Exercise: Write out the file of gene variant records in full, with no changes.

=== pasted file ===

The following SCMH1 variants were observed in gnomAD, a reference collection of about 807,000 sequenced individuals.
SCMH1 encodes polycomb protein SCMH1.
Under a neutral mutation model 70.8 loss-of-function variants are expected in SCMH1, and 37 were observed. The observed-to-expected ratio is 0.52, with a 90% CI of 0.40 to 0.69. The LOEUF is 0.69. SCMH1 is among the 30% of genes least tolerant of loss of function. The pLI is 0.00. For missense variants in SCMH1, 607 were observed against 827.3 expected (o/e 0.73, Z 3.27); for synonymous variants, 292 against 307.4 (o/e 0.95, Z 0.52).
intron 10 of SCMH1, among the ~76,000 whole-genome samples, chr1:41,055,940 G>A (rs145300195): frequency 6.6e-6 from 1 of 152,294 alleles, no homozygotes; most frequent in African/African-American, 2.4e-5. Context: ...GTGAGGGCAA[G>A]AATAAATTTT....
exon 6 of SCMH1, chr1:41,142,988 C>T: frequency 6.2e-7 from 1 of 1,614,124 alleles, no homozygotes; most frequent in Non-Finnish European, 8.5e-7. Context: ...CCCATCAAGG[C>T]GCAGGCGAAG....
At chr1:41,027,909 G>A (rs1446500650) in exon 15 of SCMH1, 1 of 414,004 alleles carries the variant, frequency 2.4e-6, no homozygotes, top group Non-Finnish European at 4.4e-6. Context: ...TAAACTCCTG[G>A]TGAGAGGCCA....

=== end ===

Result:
The following SCMH1 variants were observed in gnomAD, a reference collection of about 807,000 sequenced individuals.
SCMH1 encodes polycomb protein SCMH1.
Under a neutral mutation model 70.8 loss-of-function variants are expected in SCMH1, and 37 were observed. The observed-to-expected ratio is 0.52, with a 90% CI of 0.40 to 0.69. The LOEUF is 0.69. SCMH1 is among the 30% of genes least tolerant of loss of function. The pLI is 0.00. For missense variants in SCMH1, 607 were observed against 827.3 expected (o/e 0.73, Z 3.27); for synonymous variants, 292 against 307.4 (o/e 0.95, Z 0.52).
intron 10 of SCMH1, among the ~76,000 whole-genome samples, chr1:41,055,940 G>A (rs145300195): frequency 6.6e-6 from 1 of 152,294 alleles, no homozygotes; most frequent in African/African-American, 2.4e-5. Context: ...GTGAGGGCAA[G>A]AATAAATTTT....
exon 6 of SCMH1, chr1:41,142,988 C>T: frequency 6.2e-7 from 1 of 1,614,124 alleles, no homozygotes; most frequent in Non-Finnish European, 8.5e-7. Context: ...CCCATCAAGG[C>T]GCAGGCGAAG....
At chr1:41,027,909 G>A (rs1446500650) in exon 15 of SCMH1, 1 of 414,004 alleles carries the variant, frequency 2.4e-6, no homozygotes, top group Non-Finnish European at 4.4e-6. Context: ...TAAACTCCTG[G>A]TGAGAGGCCA....